When I go to Sri Lanka also – I consider myself a governor and therefore a common facility and not an Administrator. During 2009 trauma experienced by Tamils I went personally to the Ministry of Health day after day – until I obtained approval to visit and help the victims in the camps. In February 2015 I had much less difficulty in presenting the case of a group of 232 Health Workers from Chankanai-Vaddukoddai area and beyond, to the senior officials within the Ministry of Health. In their desperation, the leaders of this group came to Colombo for the first time in their life – and sought to see the Minister without a prior appointment. The Northern Provincial Council did not help them. It was not clear whether their problem came under the Department of Health or was covered by Provincial Government’s portfolio. I was asked by them to assist them in Colombo. My experience was much more satisfying this time around than it was in 2009. In both instances – the outcomes happened. The reception this time was much nicer and more respectable than it was in 2009 – from bottom to top. If I had not brought about closure of my 2009 experience and given it a ‘position’ in my mind, I would not have identified with the ‘smoother process’ in relation to Tamils. To me it was Affirmative Action that I was able to invoke. I combined my ‘rights’ as a Sri Lankan Professional with the need of these workers – many of whom are victims of war. That combination at their level is closure for them in terms of their anxiety whether they would become victims of Sri Lankan politics. It is promotion to Administration. Arrangements have been made to train them to interpret their contracts and also to structure their problem Administratively.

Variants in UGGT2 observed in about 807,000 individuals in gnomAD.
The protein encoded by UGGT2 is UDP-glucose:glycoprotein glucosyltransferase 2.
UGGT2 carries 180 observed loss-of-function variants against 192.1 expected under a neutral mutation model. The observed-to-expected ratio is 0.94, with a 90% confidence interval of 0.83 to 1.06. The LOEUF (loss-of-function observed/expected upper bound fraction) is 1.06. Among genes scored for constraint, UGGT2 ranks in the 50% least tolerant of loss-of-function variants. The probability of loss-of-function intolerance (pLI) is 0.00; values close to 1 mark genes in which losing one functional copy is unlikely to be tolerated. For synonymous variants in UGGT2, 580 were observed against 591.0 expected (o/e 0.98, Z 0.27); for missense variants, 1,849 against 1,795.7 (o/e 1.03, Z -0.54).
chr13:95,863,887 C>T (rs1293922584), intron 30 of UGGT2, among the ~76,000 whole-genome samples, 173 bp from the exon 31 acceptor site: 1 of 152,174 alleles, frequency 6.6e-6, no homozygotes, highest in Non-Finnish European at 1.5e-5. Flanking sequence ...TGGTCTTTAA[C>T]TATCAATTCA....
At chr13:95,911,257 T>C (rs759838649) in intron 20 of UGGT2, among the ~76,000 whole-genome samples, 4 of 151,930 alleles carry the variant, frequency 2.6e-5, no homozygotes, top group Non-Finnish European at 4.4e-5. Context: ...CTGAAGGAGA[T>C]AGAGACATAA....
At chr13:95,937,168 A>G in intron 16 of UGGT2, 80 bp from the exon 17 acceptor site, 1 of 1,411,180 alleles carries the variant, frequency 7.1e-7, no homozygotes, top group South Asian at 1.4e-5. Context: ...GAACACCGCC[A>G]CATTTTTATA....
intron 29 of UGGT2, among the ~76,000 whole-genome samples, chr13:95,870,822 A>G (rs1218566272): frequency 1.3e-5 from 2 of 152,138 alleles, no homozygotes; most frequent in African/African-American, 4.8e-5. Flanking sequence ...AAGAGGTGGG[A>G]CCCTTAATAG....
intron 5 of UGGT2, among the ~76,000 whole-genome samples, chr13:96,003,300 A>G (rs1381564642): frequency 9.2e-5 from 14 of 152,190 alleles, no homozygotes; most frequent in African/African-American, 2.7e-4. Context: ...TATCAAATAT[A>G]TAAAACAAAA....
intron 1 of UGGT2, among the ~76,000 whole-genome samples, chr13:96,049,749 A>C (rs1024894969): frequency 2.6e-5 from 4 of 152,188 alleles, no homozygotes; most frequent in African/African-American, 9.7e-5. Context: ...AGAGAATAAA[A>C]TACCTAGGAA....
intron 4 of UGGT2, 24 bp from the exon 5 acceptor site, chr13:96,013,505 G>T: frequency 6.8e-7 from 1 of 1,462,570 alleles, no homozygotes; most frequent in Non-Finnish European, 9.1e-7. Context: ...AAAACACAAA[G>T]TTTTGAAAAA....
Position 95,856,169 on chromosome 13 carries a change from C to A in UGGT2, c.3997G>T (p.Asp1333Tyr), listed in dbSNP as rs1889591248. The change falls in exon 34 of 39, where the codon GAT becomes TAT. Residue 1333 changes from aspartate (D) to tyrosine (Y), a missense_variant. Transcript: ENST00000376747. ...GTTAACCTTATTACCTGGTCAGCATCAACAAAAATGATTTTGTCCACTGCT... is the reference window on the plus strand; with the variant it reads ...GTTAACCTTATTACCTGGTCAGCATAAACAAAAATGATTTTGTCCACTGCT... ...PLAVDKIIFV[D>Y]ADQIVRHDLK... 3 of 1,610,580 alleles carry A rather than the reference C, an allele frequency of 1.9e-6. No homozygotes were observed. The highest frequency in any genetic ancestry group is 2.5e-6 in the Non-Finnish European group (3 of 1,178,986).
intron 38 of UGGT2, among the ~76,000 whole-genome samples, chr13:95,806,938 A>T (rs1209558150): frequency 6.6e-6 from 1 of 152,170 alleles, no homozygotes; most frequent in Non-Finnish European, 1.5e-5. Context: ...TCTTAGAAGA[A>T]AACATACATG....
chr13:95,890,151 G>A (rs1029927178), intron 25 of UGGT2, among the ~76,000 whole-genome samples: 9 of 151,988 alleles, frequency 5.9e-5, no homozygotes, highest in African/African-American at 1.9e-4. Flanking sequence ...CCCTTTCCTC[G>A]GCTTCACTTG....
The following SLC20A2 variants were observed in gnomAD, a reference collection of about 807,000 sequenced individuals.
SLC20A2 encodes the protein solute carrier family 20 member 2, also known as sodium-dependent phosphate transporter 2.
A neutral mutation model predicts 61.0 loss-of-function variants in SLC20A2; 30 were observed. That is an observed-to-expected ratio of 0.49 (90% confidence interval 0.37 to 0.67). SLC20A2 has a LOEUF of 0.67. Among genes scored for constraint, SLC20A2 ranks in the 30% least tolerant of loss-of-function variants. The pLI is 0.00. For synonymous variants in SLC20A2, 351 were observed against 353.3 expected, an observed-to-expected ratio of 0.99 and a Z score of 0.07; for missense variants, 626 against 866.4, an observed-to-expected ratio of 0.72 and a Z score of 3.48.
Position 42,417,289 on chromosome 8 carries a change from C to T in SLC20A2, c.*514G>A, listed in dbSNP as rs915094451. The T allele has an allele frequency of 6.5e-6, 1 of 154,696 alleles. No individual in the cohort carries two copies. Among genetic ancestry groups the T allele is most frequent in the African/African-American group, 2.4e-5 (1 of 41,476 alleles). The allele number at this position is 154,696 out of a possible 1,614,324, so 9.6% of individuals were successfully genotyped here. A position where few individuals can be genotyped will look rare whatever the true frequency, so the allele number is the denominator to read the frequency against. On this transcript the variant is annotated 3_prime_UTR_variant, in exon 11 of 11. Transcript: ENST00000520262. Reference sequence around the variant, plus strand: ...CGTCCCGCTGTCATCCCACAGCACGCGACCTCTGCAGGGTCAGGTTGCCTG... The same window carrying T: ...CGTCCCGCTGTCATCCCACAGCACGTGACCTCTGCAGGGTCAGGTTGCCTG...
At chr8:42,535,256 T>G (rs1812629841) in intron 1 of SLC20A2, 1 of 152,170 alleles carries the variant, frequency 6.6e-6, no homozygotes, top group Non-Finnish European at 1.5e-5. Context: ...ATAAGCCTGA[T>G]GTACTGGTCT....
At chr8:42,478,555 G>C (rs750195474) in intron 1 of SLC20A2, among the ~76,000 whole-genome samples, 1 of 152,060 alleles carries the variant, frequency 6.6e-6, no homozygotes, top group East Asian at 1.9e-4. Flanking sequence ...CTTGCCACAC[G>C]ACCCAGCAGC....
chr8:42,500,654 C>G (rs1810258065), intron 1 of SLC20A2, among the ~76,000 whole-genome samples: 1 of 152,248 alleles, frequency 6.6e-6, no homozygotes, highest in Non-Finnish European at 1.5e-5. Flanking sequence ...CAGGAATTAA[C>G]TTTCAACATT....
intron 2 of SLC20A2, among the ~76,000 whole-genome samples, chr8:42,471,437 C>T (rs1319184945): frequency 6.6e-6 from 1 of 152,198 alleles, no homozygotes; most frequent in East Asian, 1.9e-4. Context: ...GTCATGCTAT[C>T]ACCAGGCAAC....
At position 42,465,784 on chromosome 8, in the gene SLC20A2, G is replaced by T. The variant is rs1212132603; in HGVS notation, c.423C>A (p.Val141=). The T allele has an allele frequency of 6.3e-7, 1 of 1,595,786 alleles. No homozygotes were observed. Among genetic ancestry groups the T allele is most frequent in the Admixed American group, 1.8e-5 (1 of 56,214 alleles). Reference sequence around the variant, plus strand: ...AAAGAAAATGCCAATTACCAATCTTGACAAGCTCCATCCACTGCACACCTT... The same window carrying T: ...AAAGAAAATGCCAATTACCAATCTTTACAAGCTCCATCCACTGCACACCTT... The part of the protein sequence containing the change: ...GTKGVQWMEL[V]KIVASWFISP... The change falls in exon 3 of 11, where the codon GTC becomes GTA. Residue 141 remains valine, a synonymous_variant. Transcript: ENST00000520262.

If these workers had gone through politicians – they would have promoted the political path – the one way street to ‘rights’. They would have ranked low in the system of hierarchy. Recently, a global citizen of Sinhalese origin responded as follows: